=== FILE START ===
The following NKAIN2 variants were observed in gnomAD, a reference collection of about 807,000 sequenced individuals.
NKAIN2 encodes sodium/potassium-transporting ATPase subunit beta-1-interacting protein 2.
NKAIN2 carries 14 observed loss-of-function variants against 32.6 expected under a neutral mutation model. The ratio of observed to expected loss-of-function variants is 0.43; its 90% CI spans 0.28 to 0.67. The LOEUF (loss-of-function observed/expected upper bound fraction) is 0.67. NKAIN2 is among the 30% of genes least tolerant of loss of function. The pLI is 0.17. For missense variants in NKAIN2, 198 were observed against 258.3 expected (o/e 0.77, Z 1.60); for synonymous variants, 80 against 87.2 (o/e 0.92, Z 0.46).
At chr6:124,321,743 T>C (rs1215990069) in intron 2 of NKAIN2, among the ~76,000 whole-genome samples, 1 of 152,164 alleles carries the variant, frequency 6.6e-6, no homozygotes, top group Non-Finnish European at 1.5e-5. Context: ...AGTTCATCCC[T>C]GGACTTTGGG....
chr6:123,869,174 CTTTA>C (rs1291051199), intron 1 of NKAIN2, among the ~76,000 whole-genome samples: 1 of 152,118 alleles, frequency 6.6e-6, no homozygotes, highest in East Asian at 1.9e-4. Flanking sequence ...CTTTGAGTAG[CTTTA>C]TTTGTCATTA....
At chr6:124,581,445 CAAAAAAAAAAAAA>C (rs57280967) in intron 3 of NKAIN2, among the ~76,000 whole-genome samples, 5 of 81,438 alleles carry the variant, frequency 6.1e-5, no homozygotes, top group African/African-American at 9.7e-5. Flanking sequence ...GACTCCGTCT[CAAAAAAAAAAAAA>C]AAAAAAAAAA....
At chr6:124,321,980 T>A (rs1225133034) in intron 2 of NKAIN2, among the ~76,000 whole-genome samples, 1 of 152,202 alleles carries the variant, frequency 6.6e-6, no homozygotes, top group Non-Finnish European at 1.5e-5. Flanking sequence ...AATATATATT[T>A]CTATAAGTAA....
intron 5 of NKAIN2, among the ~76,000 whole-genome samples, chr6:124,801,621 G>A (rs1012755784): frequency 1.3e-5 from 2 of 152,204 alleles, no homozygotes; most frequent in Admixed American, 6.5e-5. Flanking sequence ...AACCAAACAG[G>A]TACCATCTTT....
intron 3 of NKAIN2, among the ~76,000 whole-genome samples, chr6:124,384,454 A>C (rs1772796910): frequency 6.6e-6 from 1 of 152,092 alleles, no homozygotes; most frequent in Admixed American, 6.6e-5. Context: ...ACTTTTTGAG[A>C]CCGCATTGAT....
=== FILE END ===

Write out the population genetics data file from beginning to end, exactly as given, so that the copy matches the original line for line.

The following NKAIN2 variants were observed in gnomAD, a reference collection of about 807,000 sequenced individuals.
NKAIN2 encodes sodium/potassium-transporting ATPase subunit beta-1-interacting protein 2.
NKAIN2 carries 14 observed loss-of-function variants against 32.6 expected under a neutral mutation model. The ratio of observed to expected loss-of-function variants is 0.43; its 90% CI spans 0.28 to 0.67. The LOEUF (loss-of-function observed/expected upper bound fraction) is 0.67. NKAIN2 is among the 30% of genes least tolerant of loss of function. The pLI is 0.17. For missense variants in NKAIN2, 198 were observed against 258.3 expected (o/e 0.77, Z 1.60); for synonymous variants, 80 against 87.2 (o/e 0.92, Z 0.46).
At chr6:124,321,743 T>C (rs1215990069) in intron 2 of NKAIN2, among the ~76,000 whole-genome samples, 1 of 152,164 alleles carries the variant, frequency 6.6e-6, no homozygotes, top group Non-Finnish European at 1.5e-5. Context: ...AGTTCATCCC[T>C]GGACTTTGGG....
chr6:123,869,174 CTTTA>C (rs1291051199), intron 1 of NKAIN2, among the ~76,000 whole-genome samples: 1 of 152,118 alleles, frequency 6.6e-6, no homozygotes, highest in East Asian at 1.9e-4. Flanking sequence ...CTTTGAGTAG[CTTTA>C]TTTGTCATTA....
At chr6:124,581,445 CAAAAAAAAAAAAA>C (rs57280967) in intron 3 of NKAIN2, among the ~76,000 whole-genome samples, 5 of 81,438 alleles carry the variant, frequency 6.1e-5, no homozygotes, top group African/African-American at 9.7e-5. Flanking sequence ...GACTCCGTCT[CAAAAAAAAAAAAA>C]AAAAAAAAAA....
At chr6:124,321,980 T>A (rs1225133034) in intron 2 of NKAIN2, among the ~76,000 whole-genome samples, 1 of 152,202 alleles carries the variant, frequency 6.6e-6, no homozygotes, top group Non-Finnish European at 1.5e-5. Flanking sequence ...AATATATATT[T>A]CTATAAGTAA....
intron 5 of NKAIN2, among the ~76,000 whole-genome samples, chr6:124,801,621 G>A (rs1012755784): frequency 1.3e-5 from 2 of 152,204 alleles, no homozygotes; most frequent in Admixed American, 6.5e-5. Flanking sequence ...AACCAAACAG[G>A]TACCATCTTT....
intron 3 of NKAIN2, among the ~76,000 whole-genome samples, chr6:124,384,454 A>C (rs1772796910): frequency 6.6e-6 from 1 of 152,092 alleles, no homozygotes; most frequent in Admixed American, 6.6e-5. Context: ...ACTTTTTGAG[A>C]CCGCATTGAT....